For the second night in a row, I spent fifteen or twenty minutes outside, letting my eyes adjust to the darkness before participating in the Great World Wide Star Count. I relaxed on my upper patio, hiding behind my pile of firewood, which blocks the bright lights from the doctors’ office to my west. Apollo joined me both nights, enjoying the cool autumn breeze and quiet evening.
I zoomed in on the Northern Cross, also known as the constellation Cygnus, as the target of my naked eye observations both nights. I printed the observing guide Friday before leaving work. Despite being surrounded by city streetlights, prison security lighting and a nearly full moon, I was pleasantly surprised to learn that I could see down to magnitude five, but not quite to magnitude six, again according to the Northern Hemisphere Observing Guide.
Friday night I even setup the tripod and Canon camera to snap a three second exposure of the constellation Cynus:
Tonight, rather than setting up the camera, I brought out the binoculars to see if I could discern the blue and yellow stars that make up Albireo in the head of the Swan. Having to look almost directly overhead and holding the binoculars away from my eyes did not result in a steady enough magnification to confirm. Perhaps tomorrow night I’ll haul the telescope up out of the basement and get a better, steadier look at that gem.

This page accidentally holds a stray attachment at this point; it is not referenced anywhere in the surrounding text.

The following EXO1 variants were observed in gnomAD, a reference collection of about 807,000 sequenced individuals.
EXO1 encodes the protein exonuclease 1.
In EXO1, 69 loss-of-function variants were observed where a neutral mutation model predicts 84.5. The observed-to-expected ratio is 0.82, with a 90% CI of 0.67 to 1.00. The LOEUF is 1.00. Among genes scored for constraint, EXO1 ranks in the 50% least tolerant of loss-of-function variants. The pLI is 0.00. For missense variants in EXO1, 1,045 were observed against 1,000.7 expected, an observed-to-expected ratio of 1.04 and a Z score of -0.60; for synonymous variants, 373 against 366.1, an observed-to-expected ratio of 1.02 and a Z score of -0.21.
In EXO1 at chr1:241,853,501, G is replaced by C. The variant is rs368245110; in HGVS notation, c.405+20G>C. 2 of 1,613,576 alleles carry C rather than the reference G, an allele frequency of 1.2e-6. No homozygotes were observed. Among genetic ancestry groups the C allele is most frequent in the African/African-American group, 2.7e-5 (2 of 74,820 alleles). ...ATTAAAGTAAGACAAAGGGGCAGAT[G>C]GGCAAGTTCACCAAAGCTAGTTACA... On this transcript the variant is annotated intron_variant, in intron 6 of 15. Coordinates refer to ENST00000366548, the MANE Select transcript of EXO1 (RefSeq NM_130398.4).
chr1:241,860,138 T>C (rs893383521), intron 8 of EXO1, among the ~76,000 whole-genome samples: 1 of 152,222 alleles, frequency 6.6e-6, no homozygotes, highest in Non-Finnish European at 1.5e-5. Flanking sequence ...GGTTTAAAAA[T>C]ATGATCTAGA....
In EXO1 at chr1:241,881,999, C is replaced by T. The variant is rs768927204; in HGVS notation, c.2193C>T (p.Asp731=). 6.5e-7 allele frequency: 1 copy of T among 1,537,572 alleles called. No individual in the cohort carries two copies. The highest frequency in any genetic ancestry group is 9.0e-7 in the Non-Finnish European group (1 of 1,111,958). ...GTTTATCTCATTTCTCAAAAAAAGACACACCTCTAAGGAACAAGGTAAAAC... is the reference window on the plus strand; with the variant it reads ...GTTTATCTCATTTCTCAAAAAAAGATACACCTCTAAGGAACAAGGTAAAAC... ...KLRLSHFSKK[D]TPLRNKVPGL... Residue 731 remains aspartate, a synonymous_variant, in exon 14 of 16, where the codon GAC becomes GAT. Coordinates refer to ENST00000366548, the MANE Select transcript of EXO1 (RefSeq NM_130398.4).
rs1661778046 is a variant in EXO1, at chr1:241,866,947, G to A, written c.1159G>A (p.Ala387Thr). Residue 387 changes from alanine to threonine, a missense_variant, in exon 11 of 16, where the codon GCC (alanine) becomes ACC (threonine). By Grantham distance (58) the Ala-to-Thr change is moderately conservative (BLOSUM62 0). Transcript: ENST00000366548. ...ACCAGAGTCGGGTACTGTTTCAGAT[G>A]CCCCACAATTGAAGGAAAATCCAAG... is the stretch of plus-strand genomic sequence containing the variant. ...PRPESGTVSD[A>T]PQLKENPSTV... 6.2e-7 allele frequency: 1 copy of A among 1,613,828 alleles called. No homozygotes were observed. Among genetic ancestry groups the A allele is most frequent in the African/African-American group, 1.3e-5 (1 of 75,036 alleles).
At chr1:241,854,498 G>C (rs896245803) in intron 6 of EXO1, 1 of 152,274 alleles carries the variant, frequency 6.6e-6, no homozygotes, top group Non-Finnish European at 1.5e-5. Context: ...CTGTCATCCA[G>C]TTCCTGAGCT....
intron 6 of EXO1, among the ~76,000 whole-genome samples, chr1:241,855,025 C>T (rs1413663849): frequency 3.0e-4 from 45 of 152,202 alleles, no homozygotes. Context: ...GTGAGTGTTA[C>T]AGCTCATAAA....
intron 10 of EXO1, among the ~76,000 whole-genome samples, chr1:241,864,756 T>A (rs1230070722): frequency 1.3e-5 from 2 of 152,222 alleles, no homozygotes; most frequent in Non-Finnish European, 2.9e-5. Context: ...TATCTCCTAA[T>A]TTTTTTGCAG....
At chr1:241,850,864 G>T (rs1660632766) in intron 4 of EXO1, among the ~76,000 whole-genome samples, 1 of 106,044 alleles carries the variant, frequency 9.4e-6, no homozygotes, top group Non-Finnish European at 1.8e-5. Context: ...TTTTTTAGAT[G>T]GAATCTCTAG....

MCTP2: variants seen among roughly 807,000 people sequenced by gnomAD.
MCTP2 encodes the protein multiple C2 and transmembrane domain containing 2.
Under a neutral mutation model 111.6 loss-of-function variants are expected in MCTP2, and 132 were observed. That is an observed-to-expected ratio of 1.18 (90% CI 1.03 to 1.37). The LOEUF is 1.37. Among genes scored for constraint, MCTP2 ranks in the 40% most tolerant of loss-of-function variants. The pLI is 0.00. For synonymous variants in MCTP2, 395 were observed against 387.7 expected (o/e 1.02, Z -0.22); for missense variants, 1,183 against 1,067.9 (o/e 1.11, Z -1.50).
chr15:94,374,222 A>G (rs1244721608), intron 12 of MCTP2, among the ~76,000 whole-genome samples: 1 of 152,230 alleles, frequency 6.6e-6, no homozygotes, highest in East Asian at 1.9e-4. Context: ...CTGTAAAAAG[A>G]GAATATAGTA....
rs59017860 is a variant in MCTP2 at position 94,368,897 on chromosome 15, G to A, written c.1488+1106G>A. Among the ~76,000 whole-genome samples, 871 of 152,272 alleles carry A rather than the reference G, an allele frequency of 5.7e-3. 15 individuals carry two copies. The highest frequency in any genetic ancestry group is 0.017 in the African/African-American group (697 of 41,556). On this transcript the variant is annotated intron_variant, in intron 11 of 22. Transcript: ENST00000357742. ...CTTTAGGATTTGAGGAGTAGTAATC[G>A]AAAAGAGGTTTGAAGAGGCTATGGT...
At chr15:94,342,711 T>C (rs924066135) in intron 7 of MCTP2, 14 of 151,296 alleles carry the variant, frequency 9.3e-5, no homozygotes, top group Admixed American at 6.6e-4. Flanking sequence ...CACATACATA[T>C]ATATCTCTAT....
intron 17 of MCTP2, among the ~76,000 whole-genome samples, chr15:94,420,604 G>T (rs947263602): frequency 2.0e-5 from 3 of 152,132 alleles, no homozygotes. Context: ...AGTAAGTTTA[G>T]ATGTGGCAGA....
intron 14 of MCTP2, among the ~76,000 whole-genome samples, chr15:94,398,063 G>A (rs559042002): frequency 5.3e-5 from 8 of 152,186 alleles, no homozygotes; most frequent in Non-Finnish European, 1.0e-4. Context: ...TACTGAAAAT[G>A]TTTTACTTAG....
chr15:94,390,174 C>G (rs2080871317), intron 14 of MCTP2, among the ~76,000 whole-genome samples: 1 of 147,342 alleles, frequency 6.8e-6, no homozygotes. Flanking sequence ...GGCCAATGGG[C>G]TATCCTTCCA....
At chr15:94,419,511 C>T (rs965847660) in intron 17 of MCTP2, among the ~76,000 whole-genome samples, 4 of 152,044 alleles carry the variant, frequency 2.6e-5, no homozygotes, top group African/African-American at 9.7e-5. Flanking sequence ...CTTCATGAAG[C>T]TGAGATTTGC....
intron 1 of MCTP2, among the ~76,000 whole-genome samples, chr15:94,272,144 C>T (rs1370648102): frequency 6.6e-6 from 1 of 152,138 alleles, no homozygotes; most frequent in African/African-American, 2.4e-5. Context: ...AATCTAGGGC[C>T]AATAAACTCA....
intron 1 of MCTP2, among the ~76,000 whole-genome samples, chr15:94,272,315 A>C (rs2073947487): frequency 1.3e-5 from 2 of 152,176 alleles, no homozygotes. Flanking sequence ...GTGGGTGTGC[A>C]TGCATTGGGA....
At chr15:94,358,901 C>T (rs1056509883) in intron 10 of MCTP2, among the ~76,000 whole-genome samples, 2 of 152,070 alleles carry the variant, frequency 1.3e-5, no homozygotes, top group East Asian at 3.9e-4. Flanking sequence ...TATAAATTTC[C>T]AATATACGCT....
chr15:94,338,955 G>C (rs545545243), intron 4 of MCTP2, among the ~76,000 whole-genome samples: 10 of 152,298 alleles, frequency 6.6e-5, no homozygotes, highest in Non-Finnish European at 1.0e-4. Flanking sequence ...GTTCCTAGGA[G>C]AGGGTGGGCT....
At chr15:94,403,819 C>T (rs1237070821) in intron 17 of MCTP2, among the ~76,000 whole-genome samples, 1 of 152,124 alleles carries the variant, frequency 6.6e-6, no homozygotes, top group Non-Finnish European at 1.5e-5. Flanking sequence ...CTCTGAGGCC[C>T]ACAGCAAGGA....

I need to find another place at least one kilometer away from my house to do a second observation to report back to the website referenced above. If only Lansing didn’t lock up all of it’s parks promptly at sunset, I might have an opportunity to observe from the new park out west on 4-H Road.
So how many stars can you see of the Swan? Step outside tomorrow night, give your eyes fifteen minutes to adjust and look directly overhead.
Keep looking up!